Predator–prey cycles in an aquatic microcosm: testing hypotheses of mechanism
K. W. Shertzer, Center for Coastal Fisheries & Habitat Research, National Oceanic & Atmospheric Administration, 101 Pivers Island Road, Beaufort, NC 28516, USA. Tel. (252) 728 8607; Fax: (252) 728 8619; E-mail: Kyle.Shertzer@noaa.gov
- 1Fussmann et al. (2000 ) presented a simple mechanistic model to explore predator–prey dynamics of a rotifer species feeding on green algae. Predictions were tested against experimental data from a chemostat system housing the planktonic rotifer Brachionus calyciflorus and the green alga Chlorella vulgaris .
- 2The model accurately predicted qualitative behaviour of the system (extinction, equilibria and limit cycles), but poorly described features of population cycles such as the period and predator–prey phase relationship. These discrepancies indicate that the model lacked some biological mechanism(s) crucial to population cycles.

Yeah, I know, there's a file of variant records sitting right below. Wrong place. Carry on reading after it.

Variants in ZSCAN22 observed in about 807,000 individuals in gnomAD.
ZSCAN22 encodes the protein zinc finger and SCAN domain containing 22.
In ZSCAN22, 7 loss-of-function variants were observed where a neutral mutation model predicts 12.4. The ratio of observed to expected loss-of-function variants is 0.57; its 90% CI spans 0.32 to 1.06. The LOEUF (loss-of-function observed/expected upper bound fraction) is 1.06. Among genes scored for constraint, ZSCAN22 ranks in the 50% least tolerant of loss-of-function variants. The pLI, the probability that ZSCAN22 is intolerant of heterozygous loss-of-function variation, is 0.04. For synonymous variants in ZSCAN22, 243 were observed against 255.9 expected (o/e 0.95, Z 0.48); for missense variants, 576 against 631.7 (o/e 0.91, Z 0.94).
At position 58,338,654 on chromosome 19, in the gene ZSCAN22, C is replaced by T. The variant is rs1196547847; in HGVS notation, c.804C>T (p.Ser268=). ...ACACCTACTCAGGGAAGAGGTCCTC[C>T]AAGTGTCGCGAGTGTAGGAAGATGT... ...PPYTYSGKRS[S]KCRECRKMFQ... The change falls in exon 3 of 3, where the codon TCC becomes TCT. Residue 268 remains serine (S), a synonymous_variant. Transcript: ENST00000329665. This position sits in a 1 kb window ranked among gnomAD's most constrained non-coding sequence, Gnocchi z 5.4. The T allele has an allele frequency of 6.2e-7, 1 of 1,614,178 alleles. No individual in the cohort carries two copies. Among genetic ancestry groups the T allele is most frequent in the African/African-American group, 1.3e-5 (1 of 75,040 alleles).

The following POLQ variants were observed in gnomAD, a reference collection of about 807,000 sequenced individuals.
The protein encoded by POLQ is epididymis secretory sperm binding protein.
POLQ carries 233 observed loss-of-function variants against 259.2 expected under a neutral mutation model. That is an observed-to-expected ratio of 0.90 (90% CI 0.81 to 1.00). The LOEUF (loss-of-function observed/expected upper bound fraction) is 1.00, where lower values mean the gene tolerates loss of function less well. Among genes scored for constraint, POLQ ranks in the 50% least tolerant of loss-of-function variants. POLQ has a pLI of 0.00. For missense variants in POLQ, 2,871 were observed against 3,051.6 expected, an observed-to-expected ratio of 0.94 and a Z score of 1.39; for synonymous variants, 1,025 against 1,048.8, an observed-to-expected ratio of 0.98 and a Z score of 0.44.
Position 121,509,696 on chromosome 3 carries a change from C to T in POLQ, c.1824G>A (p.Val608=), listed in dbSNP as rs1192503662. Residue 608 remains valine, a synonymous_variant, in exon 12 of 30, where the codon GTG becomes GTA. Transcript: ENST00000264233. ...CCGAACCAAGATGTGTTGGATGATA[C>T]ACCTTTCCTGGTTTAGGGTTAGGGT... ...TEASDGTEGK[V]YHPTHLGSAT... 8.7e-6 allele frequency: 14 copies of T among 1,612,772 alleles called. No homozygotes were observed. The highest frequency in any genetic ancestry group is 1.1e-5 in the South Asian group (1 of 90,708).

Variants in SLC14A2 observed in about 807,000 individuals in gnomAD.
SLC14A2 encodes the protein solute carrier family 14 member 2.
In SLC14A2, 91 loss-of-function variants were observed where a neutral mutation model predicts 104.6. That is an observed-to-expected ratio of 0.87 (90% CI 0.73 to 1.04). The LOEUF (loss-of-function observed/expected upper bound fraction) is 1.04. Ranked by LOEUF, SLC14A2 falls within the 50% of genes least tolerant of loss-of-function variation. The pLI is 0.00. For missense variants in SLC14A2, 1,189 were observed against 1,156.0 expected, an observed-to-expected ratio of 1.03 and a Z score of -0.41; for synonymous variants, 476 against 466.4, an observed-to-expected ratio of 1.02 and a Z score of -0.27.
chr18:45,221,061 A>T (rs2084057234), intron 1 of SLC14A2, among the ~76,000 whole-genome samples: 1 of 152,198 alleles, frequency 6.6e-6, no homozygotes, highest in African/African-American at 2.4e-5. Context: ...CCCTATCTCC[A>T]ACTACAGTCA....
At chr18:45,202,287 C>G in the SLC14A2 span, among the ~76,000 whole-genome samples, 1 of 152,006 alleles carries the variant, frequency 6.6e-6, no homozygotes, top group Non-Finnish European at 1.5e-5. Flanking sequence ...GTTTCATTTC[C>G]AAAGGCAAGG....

- 3Here candidate hypotheses for the ‘missing biology’ are quantified as modifications to the existing model and are evaluated for consistency with the chemostat data. The hypotheses are: (1) viability of eggs produced by rotifers increases with food concentration, (2) nutritional value of algae increases with nitrogen availability, (3) algal physiological state varies with the accumulation of toxins in the chemostat and (4) algae evolve in response to predation.
- 4Only Hypothesis 4 is compatible with empirical observations and thus may provide important insight into how prey evolution affects predator–prey dynamics.